One year after Prada launched an in-house diversity and inclusion council in response to accusations of racism, the New York Times reports that Chief Executive Officer and Lead Creative Director Miuccia Prada and her team will undergo sensitivity and racial equality training following an investigation by the New York City Commission on Human Rights.
The law enforcement agency has been investigating and in settlement talks with Prada since 2018 when the Italian fashion house displayed cartoon characters in its SoHo, N.Y.C. store window that many accused of being racist for its resemblance to blackface imagery. (At the time, Prada quickly removed the figurines and issued a public apology.) The two parties came to an agreement and signed a deal on Tuesday, according to the New York Times.
“We share the New York City Commission on Human Rights’ commitment to ensuring that diverse perspectives are represented and respected, and we are pleased that our diversity and inclusion initiatives are aligned with their vision for a more equitable, inclusive industry,” a spokeswoman for Prada said, according to the New York Times. “Prada is gratified to have been able to collaborate with the New York City Commission on Human Rights on a mutually agreeable conclusion.”
The article also reported that all New York employees will have “racial equity training,” as well as executives in Milan, including Miuccia Prada, her husband and Prada chief executive Patrizio Bertelli and other senior employees, given that their decisions impact others in the company.
Prada is also to hire a diversity and inclusion officer to review designs before they are marketed and sold to American consumers. And next year, the brand is to report back to the commission on the “demographic make-up” of the staff at every level.
Two other luxury brands recently accused of racism and exploitation, Gucci and Christian Dior, are also reportedly negotiating with the commission.
In 2019, Gucci came under fire for selling an $890 “Balaclava” sweater featuring a turtleneck top that covered half the face and had large red lips printed around a mouth cut-out. The design was checked by many for evoking racist blackface iconography.
At the time, Gucci issued a statement on Twitter apologizing for the insensitive piece.
“Gucci deeply apologizes for the offense caused by the wool balaclava jumper…We consider diversity to be a fundamental value to be fully upheld, respected, and at the forefront of every decision we make,” the brand shared.
And just a few months later, Dior received backlash after a video teaser for a new Sauvage fragrance campaign starring Johnny Depp debuted, which featured Canku Thomas One Star, a member of the Rosebud Sioux Tribe in South Dakota, performing the Fancy War Dance wearing a colorful traditional ensemble.
Just minutes after sharing the videos to the brand’s Twitter, Dior received a slew of negative reaction.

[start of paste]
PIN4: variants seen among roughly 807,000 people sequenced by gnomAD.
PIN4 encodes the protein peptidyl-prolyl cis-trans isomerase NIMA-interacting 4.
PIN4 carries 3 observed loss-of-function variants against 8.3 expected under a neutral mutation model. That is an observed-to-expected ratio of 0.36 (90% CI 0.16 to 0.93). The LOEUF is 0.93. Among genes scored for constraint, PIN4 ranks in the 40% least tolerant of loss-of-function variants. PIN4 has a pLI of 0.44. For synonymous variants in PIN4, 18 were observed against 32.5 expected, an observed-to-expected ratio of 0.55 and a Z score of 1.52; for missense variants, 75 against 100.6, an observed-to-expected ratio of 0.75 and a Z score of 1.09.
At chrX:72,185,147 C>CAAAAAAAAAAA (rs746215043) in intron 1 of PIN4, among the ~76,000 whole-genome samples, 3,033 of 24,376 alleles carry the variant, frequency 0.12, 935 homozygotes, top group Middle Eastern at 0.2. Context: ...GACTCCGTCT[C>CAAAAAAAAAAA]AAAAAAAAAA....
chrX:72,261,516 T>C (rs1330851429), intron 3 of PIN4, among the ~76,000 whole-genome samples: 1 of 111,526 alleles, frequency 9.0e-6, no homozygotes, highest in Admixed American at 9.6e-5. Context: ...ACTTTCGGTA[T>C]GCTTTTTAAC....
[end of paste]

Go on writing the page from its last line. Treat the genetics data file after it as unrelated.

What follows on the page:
When asked for comment to the backlash, Dior provided PEOPLE the full press release of the campaign. The brand wrote that the film was “developed as a close collaboration between the House of Dior and Native American consultants from the 50-year old Indigenous advocacy organization, Americans for Indian Opportunity (AIO), in order to respect Indigenous cultures, values and heritage.”
One day later, Dior pulled its campaign video from all social media accounts including Twitter, Instagram and YouTube.
“There was never — and how could there be or how would there be — any dishonorable [intent],” Depp told The Hollywood Reporter. “The film was made with a great respect for the indigenous people not just of North America but all over the world. It’s a pity that people jumped the gun and made these objections. However, their objections are their objections.”
He expressed that he wished the world could have seen the full video, instead of just the short sneak peek. “A teaser obviously is a very concentrated version of images and there were objections to the teaser of the small film,” he said but hopes they reach a common ground to air the full video.
“The ‘Sauvage’ campaign released by Dior today is offensive, racist and cultural appropriation at its worst by a corporation that is exploiting Native peoples and culture for profit,” Crystal Echohawk, executive director of IllumiNative, a Native American advocacy group, told Business of Fashion at the time. “This is a company that is looking to profit off of advancing a harmful stereotype about Native people.”
Sapna V. Raj, deputy commissioner of the New York City Commission on Human Rights, hopes this action demonstrates a “new model of corporate accountability.”
“I don’t know that we realized previously so many major fashion houses had this ignorance of the history of racism in this country,” she told The New York Times. “We hope companies realize they need to be very careful about how they market and advertise — that they need to have a larger social and cultural consciousness,” she added.